The New Zealand Herald started running a series called “Break the silence” from the beginning of July to address the topic of teenage self-harm. In the opening paragraphs, the reporter writes, “We want to encourage people who need help to ask for it; and we want to let them know there is hope. We believe it is time for a national conversation about the matter. Are we doing enough to help? Are we doing the right things? …”1
What is prompting this reaction by the media? Well, the statistics around teenage mental health issues in New Zealand are rather alarming2. You may even know a young person who has been affected by mental health challenges. The question that comes to mind is why do people engage in acts of self-harm?
There is no easy answer and anyone that wants to give a simplistic answer is not treating this issue with the respect it deserves. Self-harm is motivated by a complicated confluence of spiritual, psychological and physiological factors. However, I do believe that Scripture provides us with some help on this topic and we can be agents of hope to people who feel hopeless. I hope to offer a response that will enable the Tyndale Park Christian School community to have a meaningful platform for dialogue about this sensitive, complex and important topic.
We see from the account in Genesis that God created human beings for a relationship with Him, in His image3 and for His glory4, and we know that He didn’t do it because He needed us. He created us in an act of pure love, a love rooted in the perfect love relationship that exists between the God the Father, God the Son and God the Holy Spirit. The word for this love in the original language of the Bible is “agape”, which means “goodwill, benevolence, and wilful delight in the object of love”5. So, Scripture teaches us that we are made from love. We are not cosmic accidents. There is loving intention behind the existence of each one of us.
We are made for love. We read in 1 John 4:9-10 that “in this was manifested the love of God toward us, because that God sent his only begotten Son into the world, that we might live through him. Herein is love, not that we loved God, but that he loved us, and sent his Son to be the propitiation for our sins”. We exist for a loving purpose! Michelle Tepper6 states “understanding and accepting love as the origin and purpose of humanity radically redefines how we shape our identity, how we search for meaning”. I believe one of the major reasons New Zealand young people engage in self-harming behaviour is that their lives lack meaning. They are bombarded by messages in secular media that are devoid of real meaning and often contrary to the way God has designed human beings to live this life.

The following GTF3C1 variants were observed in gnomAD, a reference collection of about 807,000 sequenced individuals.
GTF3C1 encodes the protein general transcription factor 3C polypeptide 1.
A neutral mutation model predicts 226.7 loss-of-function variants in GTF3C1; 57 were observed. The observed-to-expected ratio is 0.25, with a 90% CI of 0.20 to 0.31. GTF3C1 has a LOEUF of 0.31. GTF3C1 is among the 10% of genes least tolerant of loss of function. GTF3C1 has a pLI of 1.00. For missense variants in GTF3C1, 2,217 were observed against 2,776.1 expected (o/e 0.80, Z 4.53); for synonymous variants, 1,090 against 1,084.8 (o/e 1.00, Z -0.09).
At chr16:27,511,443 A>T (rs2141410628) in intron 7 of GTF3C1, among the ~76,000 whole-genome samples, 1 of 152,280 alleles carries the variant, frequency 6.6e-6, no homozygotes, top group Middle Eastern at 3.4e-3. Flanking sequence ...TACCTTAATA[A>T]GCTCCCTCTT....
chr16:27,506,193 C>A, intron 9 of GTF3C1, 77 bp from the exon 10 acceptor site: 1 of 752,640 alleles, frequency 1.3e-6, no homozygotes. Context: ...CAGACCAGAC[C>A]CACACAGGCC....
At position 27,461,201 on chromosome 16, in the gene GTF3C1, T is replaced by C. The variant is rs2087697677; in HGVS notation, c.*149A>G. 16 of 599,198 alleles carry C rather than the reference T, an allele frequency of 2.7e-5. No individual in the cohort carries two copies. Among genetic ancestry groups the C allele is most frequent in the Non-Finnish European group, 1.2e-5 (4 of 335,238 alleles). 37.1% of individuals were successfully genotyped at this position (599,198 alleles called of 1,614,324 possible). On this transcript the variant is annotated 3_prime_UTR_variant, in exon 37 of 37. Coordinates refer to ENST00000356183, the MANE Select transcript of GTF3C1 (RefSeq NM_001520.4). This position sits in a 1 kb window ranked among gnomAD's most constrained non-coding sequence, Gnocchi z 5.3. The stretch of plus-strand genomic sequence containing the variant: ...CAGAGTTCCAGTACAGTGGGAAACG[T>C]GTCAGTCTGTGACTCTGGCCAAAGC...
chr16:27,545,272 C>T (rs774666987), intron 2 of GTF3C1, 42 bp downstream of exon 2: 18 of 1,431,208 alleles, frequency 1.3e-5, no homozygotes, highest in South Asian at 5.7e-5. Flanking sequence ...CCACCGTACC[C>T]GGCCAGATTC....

It follows that if we are made in God’s image, we are made to love. Unfortunately, we lack the natural ability to love God and humanity in the perfect way God loves us. This is where Jesus’ atoning sacrifice comes in: when we believe that Jesus is the only “way, the truth and the life”7, it makes it possible for us to have “agape” love for God and the people who are part of our lives8. It also enables us to be the stewards God wants us to be9.
So, can our young people have hope? Yes, they can! Lasting hope is a fundamental component of a Biblical worldview. Does it mean that Bible-believing people never struggle with mental health challenges? No. In fact, when you read the Psalms you see that David is often troubled by the dark nights of the soul, e.g. “Why art thou cast down, O my soul? and why art thou disquieted within me? hope thou in God: for I shall yet praise him, who is the health of my countenance, and my God”10. Notice how David finished that thought: he knew that God was faithful despite how he felt at that moment. So, he held onto that faithfulness and God eventually restored his joy. May God grant us as followers of Jesus the ability to live with this kind of transparency and integrity and to be bearers of hope to the teenagers in our spheres of influence.
If you know of anyone that may need help, please start by interceding (praying) for that person. Contact a professional, Christian counsellor to give you advice on how to support the person. If you don’t know who to ask for help, please get in touch. I will be able to refer you to someone.
- And God said, Let us make man in our image, after our likeness: and let them have dominion over the fish of the sea, and over the fowl of the air, and over the cattle, and over all the earth, and over every creeping thing that creepeth upon the earth. – Genesis 1:26
- …: for I have created him for my glory, I have formed him; yea, I have made him. – Isaiah 43:7
- John 14:6
- … the love of God is shed abroad in our hearts by the Holy Ghost which is given unto us. – Romans 5:5b
- And God blessed them, and God said unto them, Be fruitful, and multiply, and replenish the earth, and subdue it: and have dominion over the fish of the sea, and over the fowl of the air, and over every living thing that moveth upon the earth. – Genesis 1:28
- Psalm 42:11